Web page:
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Singapore loves Kueh Tutu, but do you know the origins of this popular snack?

We speak to the daughter of the late Tan Yong Fa - of Tan's Tu Tu Coconut Cake - who popularised the beloved snack unique to Singapore.

She turns 50 this year but Tan Bee Hua has the complexion of someone 15 years younger. “I have free facial (treatment) every day,” she says with a laugh.

Since 2004, she has been splitting her time between Havelock Road and Clementi Avenue 3, running the dual-outlet Tan’s Tu Tu Coconut Cake. Each day, she stands in the hawker stall for up to eight hours, making from scratch approximately 500 of the pillow-like, local heritage snack that is typically filled with coconut or peanut.

TanBeeHua

Kueh tutu is a heritage snack that is wellloved for its soft, pillow-like consistency, which the owner of Tan’s Tu Tu Coconut Cake makes from scratch every day.

Steam constantly billows in her face as the snowy white kueh tutu gets cooked. With Grade One Thai jasmine rice as the main ingredient, the vapour that comes out is chock-a-block with nutrients that slow down ageing, among other things.

But the heat does not faze her – so intent is she on preserving her father Tan Yong Fa’s legacy that she hardly notices it. The late Yong Fa arrived in Singapore from Fujian, China, in 1932. He made a living by peddling song gao (steamed rice cake), a snack popular among the Hokkiens, on the streets.

  • SOFT AND FINE

    Taking up two-thirds of the space in the Havelock Road stall is a pounder, which is used to grind 6kg of rice for an hour each time into fine flour.

Yong Fa gradually shrank the cake’s size, stuffed it with coconut or peanut filling, and served it on a piece of pandan leaf. The snack caught on with the man on the street, and was eventually dubbed “tutu”, after the sound the charcoal heated steamers made when cooking it.

“My father worked relentlessly without taking a day off, except during Chinese New Year,” explains Bee Hua. “Because it was such a lucrative business, he roped in his family to help him.” In the 1970s, Yong Fa passed the business over to his son – Bee Hua’s elder brother, Cheong Chuan. He branded the business and developed the logo that is on the stall’s signboard today.

KuehTutuFlour

Using only Grade One Thai jasmine rice as the main ingredient, the snack is light and fluffy.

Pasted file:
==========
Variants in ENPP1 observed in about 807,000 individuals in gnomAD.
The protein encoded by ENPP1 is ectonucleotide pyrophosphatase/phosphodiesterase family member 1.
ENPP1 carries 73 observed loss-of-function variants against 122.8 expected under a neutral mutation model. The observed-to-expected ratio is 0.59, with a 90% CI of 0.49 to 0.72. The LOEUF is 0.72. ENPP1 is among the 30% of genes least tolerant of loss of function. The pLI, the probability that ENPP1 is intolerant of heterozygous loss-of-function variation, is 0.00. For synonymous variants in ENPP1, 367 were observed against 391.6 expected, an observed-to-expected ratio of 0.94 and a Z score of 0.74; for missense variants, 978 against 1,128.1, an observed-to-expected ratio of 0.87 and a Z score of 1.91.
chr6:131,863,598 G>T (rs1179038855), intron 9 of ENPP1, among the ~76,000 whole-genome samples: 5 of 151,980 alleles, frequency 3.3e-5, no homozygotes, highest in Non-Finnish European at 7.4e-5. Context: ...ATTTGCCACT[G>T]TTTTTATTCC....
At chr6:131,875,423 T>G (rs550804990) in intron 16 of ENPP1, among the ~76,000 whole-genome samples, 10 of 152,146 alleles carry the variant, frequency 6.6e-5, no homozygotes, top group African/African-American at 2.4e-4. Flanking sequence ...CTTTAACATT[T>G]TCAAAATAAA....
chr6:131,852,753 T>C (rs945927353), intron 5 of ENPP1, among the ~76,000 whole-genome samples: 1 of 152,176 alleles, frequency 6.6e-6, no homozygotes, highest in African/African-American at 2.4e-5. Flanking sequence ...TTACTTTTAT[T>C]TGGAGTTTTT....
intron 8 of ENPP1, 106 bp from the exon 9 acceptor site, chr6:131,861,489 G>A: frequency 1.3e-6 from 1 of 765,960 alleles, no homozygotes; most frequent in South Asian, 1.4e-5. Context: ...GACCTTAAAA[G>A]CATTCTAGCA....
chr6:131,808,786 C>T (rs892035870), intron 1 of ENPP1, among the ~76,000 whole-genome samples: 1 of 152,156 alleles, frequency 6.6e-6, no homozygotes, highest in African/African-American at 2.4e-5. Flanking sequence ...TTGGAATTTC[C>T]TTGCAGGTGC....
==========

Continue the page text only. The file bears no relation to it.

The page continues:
In 2004, Bee Hua took over full-time after her brother’s health started to deteriorate. “I was working in accounting for 20 years but my brother was hoping that someone would take over the business, so I agreed,” she says. “I’ve helped out since I was in primary school, so I adapted very fast.”

As she continues to talk, she deftly moulds as many as six kueh tutu per minute. The most challenging part of the process is ensuring the flour that wraps the filling is not too thick. “My father used to scold us if we didn’t do this part well,” she recalls.

Everything is handmade. The grated coconut filling is roasted with gula melaka, while the peanuts are pounded by hand before a dash of sugar is added. Even the pandan leaves are cut by hand. Best consumed fresh from the steamer, the perfect tutu will inundate your nose with three scents – that from the rice, filling and pandan leaf – while the crunchy insides contrasting against the slightly sweetened soft shell is satisfying.

In March 2016, Bee Hua introduced a new flavour: dark chocolate. She wedges chocolate chips in the flour and leaves them to melt in the steamer. “Children really like it.”

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While it is heartening to see innovation in this heritage food, what is less heartening is the knowledge that, at the moment, there is no one to succeed her in the business, as she does not have children and her brother’s children are not interested in the business.

“I don’t know what is going to happen. We’ll just have to wait and see,” she says.

Tan’s Tu Tu Coconut Cake

#01-25, 22B Havelock Road. Opening hours: 12pm-3pm.
#01-211, 449 Clementi Avenue 3. Opening hours: 4pm-9.30pm.